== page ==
So while Jackson is a nice player and a solid distributor at the PG position, he just hasn’t been healthy since arriving in Detroit. The Pistons will need both of these players to play at least 70 games or so if they want to make any noise this season.
The last player that I want to talk about is big man Andre Drummond. Health isn’t a concern for the Pistons center as besides his rookie season (in which he still played 60 games) in 2012-2013, he has played in 78 or more games every year. The biggest thing for Drummond this year is continuing improvement on the offensive end, especially at the free-throw line.
He made huge strides at the charity stripe last season as he shot 60.5% from the line last year. The year prior, he shot 38.6% and is a career 42.1% shooter from the FT-line. There is no way that Drummond improves over 20% from the line this year, but I think a small improvement of four or five percent to hover around 65% would be a nice sight to see this year.
Besides improving his shooting (at least from the free-throw line), Drummond improved in two other areas: rebounding and passing.
After leading the league in rebounding in 2015-2016 with 14.8 per game and being one of the best in the business, he took it to another level on the glass. He averaged a career-high 16 rebounds per game last season. He also averaged a career high three assists per game after only racking up less than one assist per contest in his first five years. His passing improvement will allow coach Casey to expand his playbook and move Drummond around instead of having him play exclusively in the paint.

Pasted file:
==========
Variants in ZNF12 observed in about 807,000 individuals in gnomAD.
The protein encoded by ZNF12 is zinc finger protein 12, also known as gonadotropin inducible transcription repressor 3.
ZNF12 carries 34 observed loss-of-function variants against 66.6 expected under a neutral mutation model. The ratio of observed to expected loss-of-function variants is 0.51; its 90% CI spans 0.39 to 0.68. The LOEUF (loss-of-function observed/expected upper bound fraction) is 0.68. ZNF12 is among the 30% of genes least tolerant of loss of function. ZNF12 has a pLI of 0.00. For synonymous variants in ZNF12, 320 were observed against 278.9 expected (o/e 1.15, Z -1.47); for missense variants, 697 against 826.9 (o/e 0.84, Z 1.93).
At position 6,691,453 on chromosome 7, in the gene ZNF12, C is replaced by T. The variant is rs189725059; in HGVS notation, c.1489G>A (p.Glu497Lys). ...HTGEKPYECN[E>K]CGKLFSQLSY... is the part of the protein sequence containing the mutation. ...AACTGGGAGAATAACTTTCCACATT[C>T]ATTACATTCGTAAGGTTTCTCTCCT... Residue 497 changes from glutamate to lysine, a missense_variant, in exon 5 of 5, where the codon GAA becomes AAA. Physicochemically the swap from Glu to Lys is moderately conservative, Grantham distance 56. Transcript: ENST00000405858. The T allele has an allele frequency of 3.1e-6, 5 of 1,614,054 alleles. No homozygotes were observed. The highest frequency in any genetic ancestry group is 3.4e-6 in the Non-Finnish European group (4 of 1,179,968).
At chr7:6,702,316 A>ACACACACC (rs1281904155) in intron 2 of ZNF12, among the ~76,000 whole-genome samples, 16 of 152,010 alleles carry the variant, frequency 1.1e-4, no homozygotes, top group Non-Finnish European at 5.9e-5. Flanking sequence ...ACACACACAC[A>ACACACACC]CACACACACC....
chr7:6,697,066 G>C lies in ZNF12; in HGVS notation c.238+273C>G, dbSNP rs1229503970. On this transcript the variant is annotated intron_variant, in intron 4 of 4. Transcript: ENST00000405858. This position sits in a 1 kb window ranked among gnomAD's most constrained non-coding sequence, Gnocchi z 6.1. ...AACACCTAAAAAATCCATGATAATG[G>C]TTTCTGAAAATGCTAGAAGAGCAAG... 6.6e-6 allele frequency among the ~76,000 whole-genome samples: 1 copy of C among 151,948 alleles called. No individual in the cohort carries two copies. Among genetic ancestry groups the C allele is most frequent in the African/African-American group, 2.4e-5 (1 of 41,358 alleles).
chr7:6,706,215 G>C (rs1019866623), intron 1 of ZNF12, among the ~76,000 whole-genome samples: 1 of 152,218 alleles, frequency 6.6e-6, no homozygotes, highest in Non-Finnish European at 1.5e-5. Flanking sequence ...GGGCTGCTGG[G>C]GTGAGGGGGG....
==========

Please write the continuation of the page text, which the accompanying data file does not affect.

Besides those three, Detroit will also need some other players to step up if they want to make the postseason. Young bucks Stanley Johnson and Luke Kennard will need to show improvement. Johnson is solid on defense but is a liability on the offensive end. Kennard can contribute with his shooting, but is a poor defender. A healthy Jon Leuer, who only played in eight games last season, can provide some solid depth in the frontcourt.
A problem, at least one I believe, that could occur with this team is the lack of veteran leadership. Last year they had Anthony Tolliver, a ten-year vet now with the Minnesota Timberwolves, who was a nice presence in the locker room. This offseason they signed vets Jose Calderon and Zaza Pachulia. I don’t think those two will provide the leadership or spark on the court that Tolliver brought last season.
But anyway, the season will ride or die with Detroit’s “Big 3”, if you can call it that, of Griffin, Jackson and Drummond. If Griffin and Jackson can stay relatively healthy and Drummond can continue to improve, this team will make the playoffs. I think their ceiling is around 46-47 wins in the Eastern Conference.
If those things do not happen, though, and Casey can’t work some magic, I think this team has a floor of around 32-34 wins.
They open the season tonight against the Brooklyn Nets at home at Little Caesars Arena. I think they will win that game and look forward to see how this team performs the rest of the way.
Who’s ready for some DEEEE-TROIT BASKETBALL?
All stats are courtesy of ESPN.com and Basketball-Reference.com.